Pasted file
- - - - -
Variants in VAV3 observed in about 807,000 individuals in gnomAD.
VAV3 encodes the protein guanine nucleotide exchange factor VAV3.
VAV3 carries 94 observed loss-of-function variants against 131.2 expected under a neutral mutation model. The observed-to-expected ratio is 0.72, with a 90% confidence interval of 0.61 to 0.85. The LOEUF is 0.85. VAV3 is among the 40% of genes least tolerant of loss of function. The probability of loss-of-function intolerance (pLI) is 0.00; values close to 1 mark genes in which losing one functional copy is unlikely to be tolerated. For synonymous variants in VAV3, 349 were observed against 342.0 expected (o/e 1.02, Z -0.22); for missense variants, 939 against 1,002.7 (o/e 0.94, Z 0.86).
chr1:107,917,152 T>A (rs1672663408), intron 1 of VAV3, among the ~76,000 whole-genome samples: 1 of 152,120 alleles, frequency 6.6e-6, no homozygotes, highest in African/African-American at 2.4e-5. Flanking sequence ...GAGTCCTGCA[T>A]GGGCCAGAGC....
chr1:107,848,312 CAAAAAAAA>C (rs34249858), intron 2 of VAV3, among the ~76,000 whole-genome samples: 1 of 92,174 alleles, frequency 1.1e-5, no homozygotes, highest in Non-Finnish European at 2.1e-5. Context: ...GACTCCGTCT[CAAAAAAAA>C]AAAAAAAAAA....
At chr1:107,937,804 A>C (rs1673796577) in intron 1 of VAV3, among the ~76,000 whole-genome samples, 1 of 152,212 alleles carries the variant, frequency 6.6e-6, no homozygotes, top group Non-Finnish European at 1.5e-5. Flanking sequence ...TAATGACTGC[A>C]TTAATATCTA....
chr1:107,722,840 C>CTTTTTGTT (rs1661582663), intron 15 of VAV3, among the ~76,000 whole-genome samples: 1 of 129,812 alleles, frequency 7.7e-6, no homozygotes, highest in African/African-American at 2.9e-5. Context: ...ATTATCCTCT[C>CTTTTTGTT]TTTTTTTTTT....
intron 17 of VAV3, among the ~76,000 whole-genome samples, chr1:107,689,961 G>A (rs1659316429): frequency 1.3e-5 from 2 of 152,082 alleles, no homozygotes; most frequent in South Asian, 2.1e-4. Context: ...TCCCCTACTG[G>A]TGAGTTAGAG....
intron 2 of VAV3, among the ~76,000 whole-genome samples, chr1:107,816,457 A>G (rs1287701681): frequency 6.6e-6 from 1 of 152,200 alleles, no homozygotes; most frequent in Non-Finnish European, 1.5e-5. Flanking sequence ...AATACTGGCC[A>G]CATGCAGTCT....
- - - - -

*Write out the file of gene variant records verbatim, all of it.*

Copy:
Variants in VAV3 observed in about 807,000 individuals in gnomAD.
VAV3 encodes the protein guanine nucleotide exchange factor VAV3.
VAV3 carries 94 observed loss-of-function variants against 131.2 expected under a neutral mutation model. The observed-to-expected ratio is 0.72, with a 90% confidence interval of 0.61 to 0.85. The LOEUF is 0.85. VAV3 is among the 40% of genes least tolerant of loss of function. The probability of loss-of-function intolerance (pLI) is 0.00; values close to 1 mark genes in which losing one functional copy is unlikely to be tolerated. For synonymous variants in VAV3, 349 were observed against 342.0 expected (o/e 1.02, Z -0.22); for missense variants, 939 against 1,002.7 (o/e 0.94, Z 0.86).
chr1:107,917,152 T>A (rs1672663408), intron 1 of VAV3, among the ~76,000 whole-genome samples: 1 of 152,120 alleles, frequency 6.6e-6, no homozygotes, highest in African/African-American at 2.4e-5. Flanking sequence ...GAGTCCTGCA[T>A]GGGCCAGAGC....
chr1:107,848,312 CAAAAAAAA>C (rs34249858), intron 2 of VAV3, among the ~76,000 whole-genome samples: 1 of 92,174 alleles, frequency 1.1e-5, no homozygotes, highest in Non-Finnish European at 2.1e-5. Context: ...GACTCCGTCT[CAAAAAAAA>C]AAAAAAAAAA....
At chr1:107,937,804 A>C (rs1673796577) in intron 1 of VAV3, among the ~76,000 whole-genome samples, 1 of 152,212 alleles carries the variant, frequency 6.6e-6, no homozygotes, top group Non-Finnish European at 1.5e-5. Flanking sequence ...TAATGACTGC[A>C]TTAATATCTA....
chr1:107,722,840 C>CTTTTTGTT (rs1661582663), intron 15 of VAV3, among the ~76,000 whole-genome samples: 1 of 129,812 alleles, frequency 7.7e-6, no homozygotes, highest in African/African-American at 2.9e-5. Context: ...ATTATCCTCT[C>CTTTTTGTT]TTTTTTTTTT....
intron 17 of VAV3, among the ~76,000 whole-genome samples, chr1:107,689,961 G>A (rs1659316429): frequency 1.3e-5 from 2 of 152,082 alleles, no homozygotes; most frequent in South Asian, 2.1e-4. Context: ...TCCCCTACTG[G>A]TGAGTTAGAG....
intron 2 of VAV3, among the ~76,000 whole-genome samples, chr1:107,816,457 A>G (rs1287701681): frequency 6.6e-6 from 1 of 152,200 alleles, no homozygotes; most frequent in Non-Finnish European, 1.5e-5. Flanking sequence ...AATACTGGCC[A>G]CATGCAGTCT....